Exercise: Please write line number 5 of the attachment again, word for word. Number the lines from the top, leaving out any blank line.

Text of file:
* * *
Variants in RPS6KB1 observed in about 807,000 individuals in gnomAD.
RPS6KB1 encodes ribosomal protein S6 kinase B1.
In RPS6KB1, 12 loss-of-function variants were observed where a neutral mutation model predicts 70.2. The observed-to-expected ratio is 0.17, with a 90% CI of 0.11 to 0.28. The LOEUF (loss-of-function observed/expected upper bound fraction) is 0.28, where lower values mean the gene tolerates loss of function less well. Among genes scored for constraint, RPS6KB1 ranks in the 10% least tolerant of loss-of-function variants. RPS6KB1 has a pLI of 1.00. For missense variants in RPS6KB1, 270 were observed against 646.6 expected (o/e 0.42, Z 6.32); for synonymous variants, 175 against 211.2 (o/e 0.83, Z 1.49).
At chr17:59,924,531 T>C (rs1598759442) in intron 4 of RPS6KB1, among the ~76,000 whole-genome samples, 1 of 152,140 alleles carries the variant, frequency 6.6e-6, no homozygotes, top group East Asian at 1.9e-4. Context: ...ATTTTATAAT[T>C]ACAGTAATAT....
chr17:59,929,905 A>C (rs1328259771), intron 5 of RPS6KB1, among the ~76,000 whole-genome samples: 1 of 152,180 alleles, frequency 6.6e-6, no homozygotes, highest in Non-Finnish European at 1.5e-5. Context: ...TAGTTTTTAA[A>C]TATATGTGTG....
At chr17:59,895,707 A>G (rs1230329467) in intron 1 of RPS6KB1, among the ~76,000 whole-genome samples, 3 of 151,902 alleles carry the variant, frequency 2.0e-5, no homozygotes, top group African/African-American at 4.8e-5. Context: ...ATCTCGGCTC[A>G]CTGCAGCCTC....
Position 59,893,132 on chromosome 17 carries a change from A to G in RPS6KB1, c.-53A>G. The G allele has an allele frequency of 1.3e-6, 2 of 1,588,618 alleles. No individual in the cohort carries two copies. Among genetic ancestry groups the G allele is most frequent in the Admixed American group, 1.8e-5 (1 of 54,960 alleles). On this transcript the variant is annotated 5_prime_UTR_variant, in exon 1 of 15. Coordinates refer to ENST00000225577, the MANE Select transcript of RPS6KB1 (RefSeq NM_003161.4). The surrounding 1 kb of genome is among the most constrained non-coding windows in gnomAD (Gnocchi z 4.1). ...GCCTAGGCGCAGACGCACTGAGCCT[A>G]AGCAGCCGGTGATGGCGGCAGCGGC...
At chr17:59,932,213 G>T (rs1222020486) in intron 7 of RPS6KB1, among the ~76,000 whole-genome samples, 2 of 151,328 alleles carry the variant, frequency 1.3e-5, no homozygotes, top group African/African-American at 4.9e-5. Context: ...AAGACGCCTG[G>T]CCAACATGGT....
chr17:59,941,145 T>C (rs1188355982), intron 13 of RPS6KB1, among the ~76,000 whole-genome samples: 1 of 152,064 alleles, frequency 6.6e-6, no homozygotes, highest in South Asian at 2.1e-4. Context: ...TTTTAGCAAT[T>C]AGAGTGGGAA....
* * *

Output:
chr17:59,929,905 A>C (rs1328259771), intron 5 of RPS6KB1, among the ~76,000 whole-genome samples: 1 of 152,180 alleles, frequency 6.6e-6, no homozygotes, highest in Non-Finnish European at 1.5e-5. Context: ...TAGTTTTTAA[A>C]TATATGTGTG....